Extreme Weather News
For the better part of a week, a persistent, mid-level area of low pressure has been tapping into warm, moist air to produce stormy weather in the northeastern Gulf Of Mexico. The National Hurricane Center (NHC) monitored this stormy area for possible development but unfavorable upper-level winds and the close proximity to land prevented development into a tropical system. However, during the past week from as much as 4 to over 15 inches (254-381 mm) of rain fell along the Gulf Coast from Tampa northward through the Big Bend to as far west as central Louisiana. So far the highest rainfall totals have been offshore, nevertheless street flooding has been common in Florida counties along the Gulf Coast due to locally heavy downpours.
NASA's Integrated Multi-satellite Retrievals for GPM (IMERG) data were used to make estimates of total rainfall over the Gulf Of Mexico during the period from August 4-11, 2016. These results show that the most extreme rainfall during this period fell over the waters of the northern Gulf Of Mexico south of the Florida Panhandle where IMERG estimates indicate that from 500 mm (~20 inches, shown in purple) to over 900 mm (~35 inches, shown in peach) of precipitation may have fallen. Over coastal areas, the highest totals are on the order of 300 to 400 mm (~12 to 16 inches, shown in dark red) and occur mostly along the northeast and north-central Florida Gulf Coast along with parts of southeastern Louisiana.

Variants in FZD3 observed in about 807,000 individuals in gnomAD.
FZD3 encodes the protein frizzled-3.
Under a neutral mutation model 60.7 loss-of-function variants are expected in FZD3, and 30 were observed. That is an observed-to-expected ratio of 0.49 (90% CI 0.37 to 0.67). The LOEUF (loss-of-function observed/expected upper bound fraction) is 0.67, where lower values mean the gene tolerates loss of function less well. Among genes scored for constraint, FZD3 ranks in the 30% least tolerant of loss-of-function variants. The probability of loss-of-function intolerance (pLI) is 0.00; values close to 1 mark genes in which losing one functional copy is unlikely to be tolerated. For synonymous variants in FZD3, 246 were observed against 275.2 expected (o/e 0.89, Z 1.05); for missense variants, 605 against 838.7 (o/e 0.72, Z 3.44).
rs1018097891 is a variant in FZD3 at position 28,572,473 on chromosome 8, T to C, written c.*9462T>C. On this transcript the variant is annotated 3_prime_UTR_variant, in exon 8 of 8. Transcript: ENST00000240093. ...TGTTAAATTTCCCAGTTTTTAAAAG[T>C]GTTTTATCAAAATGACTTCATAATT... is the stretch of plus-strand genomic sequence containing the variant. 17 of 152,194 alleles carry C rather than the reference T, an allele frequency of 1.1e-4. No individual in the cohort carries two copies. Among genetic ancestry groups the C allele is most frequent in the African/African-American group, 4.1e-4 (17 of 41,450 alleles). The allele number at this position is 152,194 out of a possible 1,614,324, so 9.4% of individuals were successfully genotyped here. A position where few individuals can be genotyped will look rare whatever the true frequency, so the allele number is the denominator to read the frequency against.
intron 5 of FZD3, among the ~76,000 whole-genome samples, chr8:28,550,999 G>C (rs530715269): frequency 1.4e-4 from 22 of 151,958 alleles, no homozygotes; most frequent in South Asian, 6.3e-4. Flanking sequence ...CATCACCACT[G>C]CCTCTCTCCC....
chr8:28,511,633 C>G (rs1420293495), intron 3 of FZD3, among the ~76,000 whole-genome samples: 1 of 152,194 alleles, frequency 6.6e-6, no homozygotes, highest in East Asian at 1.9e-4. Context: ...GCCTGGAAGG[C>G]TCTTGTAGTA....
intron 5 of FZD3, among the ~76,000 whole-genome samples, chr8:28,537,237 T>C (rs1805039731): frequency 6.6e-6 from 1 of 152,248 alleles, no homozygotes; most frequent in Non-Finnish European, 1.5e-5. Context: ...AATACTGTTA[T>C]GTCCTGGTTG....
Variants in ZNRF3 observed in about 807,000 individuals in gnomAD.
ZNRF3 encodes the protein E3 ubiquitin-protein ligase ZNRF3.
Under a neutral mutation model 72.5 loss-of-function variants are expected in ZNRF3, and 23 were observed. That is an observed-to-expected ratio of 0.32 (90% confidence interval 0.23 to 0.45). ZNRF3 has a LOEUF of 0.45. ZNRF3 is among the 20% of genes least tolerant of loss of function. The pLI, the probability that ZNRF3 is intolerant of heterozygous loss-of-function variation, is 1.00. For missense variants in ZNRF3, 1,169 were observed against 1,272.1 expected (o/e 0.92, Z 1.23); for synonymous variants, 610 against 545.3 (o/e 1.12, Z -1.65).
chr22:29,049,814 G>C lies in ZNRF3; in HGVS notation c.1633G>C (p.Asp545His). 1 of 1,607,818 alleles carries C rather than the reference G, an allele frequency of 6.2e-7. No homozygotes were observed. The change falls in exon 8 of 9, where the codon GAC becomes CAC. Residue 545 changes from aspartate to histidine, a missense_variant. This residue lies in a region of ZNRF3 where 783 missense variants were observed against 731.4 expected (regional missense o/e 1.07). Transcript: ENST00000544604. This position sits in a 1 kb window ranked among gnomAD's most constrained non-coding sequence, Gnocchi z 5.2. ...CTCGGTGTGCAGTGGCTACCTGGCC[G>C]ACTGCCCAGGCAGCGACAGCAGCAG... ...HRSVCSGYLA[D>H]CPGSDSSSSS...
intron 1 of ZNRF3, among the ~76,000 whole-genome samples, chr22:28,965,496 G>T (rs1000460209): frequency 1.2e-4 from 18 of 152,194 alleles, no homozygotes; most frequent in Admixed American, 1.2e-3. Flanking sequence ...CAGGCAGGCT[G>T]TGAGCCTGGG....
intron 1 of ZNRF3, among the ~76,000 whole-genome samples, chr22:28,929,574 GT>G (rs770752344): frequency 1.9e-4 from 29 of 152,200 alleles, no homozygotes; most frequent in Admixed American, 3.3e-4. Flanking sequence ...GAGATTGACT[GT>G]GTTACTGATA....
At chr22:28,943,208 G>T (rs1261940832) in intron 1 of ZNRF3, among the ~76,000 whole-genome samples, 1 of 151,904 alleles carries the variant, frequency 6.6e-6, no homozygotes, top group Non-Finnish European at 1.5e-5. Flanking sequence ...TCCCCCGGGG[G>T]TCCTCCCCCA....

The lower pressure center responsible for triggering the showers and thunderstorms is expected to slowly retreat towards the northwest into the Lower Mississippi Valley bringing the threat for heavy rains and flooding to Louisiana. Parts of Lousiana, including New Orleans, and Mississippi Gulf Coast are forecast to see as much as 10 inches of additional rain over the coming days.
- Images and caption by Hal Pierce (SSAI/NASA GSFC)